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9. These terms and your posts and contributions shall be governed and interpreted in accordance with the laws of Switzerland (without giving effect to conflict of laws principles thereof) and any dispute exclusively settled by the Courts of the Canton of Geneva.

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    Contradictory Court Rulings, Continuing Tension On Internet Liability In EU

    Published on 17 February 2010 @ 2:42 pm

    By for Intellectual Property Watch


    In its 2010 digital music report [pdf], the International Federation for the Phonographic Industry (IFPI) said that despite the availability of 400 legitimate online music offerings worldwide and significantly higher 2009 revenues, the music sector remains hard-hit by peer-to-peer and emerging forms of copyright infringement.

    The organisation has argued for several years that internet service providers (ISPs) should take more responsibility for policing their networks through a “graduated response” (or ‘three-strikes and you’re out’) mechanism that includes notices and warning letters to suspected infringers followed by internet access suspension if the first two stages are ineffective. “The push for graduated response continues” because it is picking up steam in several countries, an IFPI spokesman said.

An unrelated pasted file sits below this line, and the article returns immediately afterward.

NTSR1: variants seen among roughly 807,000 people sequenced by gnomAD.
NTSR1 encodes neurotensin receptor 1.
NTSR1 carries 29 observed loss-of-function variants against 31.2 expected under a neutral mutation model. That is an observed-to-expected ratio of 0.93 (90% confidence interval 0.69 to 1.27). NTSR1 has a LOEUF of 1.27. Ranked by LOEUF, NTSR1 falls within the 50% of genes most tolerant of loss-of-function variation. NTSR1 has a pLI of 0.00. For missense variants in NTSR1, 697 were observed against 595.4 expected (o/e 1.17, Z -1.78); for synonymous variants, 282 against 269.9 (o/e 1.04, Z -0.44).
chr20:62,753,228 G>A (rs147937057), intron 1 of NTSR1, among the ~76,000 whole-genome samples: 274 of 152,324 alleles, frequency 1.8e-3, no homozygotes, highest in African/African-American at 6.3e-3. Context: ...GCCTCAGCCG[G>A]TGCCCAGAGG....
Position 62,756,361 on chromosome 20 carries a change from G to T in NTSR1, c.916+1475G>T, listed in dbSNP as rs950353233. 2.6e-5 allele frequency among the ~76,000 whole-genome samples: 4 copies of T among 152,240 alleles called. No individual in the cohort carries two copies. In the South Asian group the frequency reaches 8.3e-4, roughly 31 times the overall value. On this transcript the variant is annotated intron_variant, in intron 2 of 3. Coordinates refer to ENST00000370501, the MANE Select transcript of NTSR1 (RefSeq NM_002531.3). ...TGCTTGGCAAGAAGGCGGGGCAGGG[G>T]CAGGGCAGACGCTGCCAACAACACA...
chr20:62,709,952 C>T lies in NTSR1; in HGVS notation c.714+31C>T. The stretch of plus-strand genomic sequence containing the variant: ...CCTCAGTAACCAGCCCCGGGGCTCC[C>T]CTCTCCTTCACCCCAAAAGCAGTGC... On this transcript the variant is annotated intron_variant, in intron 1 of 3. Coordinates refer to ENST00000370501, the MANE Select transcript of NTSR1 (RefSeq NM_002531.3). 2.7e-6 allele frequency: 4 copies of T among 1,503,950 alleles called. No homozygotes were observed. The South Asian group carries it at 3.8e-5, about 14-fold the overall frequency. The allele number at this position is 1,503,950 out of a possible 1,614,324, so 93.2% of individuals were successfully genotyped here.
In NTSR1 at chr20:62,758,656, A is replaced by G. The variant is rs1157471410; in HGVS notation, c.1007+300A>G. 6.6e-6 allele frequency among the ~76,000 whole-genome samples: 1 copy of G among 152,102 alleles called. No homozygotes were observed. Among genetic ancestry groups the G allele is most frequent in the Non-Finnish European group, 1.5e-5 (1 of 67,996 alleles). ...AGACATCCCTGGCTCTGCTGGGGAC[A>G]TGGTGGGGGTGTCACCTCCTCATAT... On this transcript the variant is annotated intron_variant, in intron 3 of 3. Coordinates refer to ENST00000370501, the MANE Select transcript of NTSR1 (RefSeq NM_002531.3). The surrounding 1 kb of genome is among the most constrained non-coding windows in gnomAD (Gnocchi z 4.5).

But on 4 February, the Federal Court of Australia muddied the waters further by ruling, in Roadshow Films Pty Ltd v. iiNET Limited, that ISP iiNET did not “authorise” users to infringe plaintiffs’ films simply by giving them access to the BitTorrent system that allowed them to download movies. According to the court, the case was the first trial of its kind in the world to reach judgment and hearing.

    The judgment is here.